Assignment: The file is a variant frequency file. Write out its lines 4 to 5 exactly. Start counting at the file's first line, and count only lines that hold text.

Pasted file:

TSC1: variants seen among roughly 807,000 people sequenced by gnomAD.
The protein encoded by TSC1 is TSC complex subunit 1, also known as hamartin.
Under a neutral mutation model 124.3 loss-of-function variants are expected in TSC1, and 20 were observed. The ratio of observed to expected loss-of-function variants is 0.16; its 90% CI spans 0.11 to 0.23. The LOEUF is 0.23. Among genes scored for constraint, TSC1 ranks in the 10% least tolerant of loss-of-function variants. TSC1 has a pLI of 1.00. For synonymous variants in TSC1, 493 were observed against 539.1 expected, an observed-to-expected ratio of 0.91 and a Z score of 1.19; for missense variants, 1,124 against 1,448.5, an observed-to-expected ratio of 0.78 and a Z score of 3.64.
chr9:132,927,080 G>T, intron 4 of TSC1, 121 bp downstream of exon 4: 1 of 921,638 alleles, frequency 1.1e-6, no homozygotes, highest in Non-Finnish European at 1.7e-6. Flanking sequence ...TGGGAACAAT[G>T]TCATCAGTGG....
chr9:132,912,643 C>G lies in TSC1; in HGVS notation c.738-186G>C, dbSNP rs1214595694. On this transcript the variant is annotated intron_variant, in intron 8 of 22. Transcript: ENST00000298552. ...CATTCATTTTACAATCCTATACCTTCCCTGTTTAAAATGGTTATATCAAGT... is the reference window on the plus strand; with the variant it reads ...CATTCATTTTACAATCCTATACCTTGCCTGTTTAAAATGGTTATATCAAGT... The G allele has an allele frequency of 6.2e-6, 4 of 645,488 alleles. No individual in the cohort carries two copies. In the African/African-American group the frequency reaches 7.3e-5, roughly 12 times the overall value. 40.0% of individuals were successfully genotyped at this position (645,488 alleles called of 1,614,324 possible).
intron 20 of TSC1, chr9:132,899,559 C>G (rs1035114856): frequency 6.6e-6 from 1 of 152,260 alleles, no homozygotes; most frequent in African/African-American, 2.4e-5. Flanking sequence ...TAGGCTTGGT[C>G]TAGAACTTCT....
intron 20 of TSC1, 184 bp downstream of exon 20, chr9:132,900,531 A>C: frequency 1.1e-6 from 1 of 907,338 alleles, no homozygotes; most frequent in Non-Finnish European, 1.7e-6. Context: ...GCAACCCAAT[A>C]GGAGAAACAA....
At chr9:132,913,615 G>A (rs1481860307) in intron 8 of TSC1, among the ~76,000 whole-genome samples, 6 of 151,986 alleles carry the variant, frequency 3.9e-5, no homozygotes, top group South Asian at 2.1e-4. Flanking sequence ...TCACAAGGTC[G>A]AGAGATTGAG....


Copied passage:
chr9:132,927,080 G>T, intron 4 of TSC1, 121 bp downstream of exon 4: 1 of 921,638 alleles, frequency 1.1e-6, no homozygotes, highest in Non-Finnish European at 1.7e-6. Flanking sequence ...TGGGAACAAT[G>T]TCATCAGTGG....
chr9:132,912,643 C>G lies in TSC1; in HGVS notation c.738-186G>C, dbSNP rs1214595694. On this transcript the variant is annotated intron_variant, in intron 8 of 22. Transcript: ENST00000298552. ...CATTCATTTTACAATCCTATACCTTCCCTGTTTAAAATGGTTATATCAAGT... is the reference window on the plus strand; with the variant it reads ...CATTCATTTTACAATCCTATACCTTGCCTGTTTAAAATGGTTATATCAAGT... The G allele has an allele frequency of 6.2e-6, 4 of 645,488 alleles. No individual in the cohort carries two copies. In the African/African-American group the frequency reaches 7.3e-5, roughly 12 times the overall value. 40.0% of individuals were successfully genotyped at this position (645,488 alleles called of 1,614,324 possible).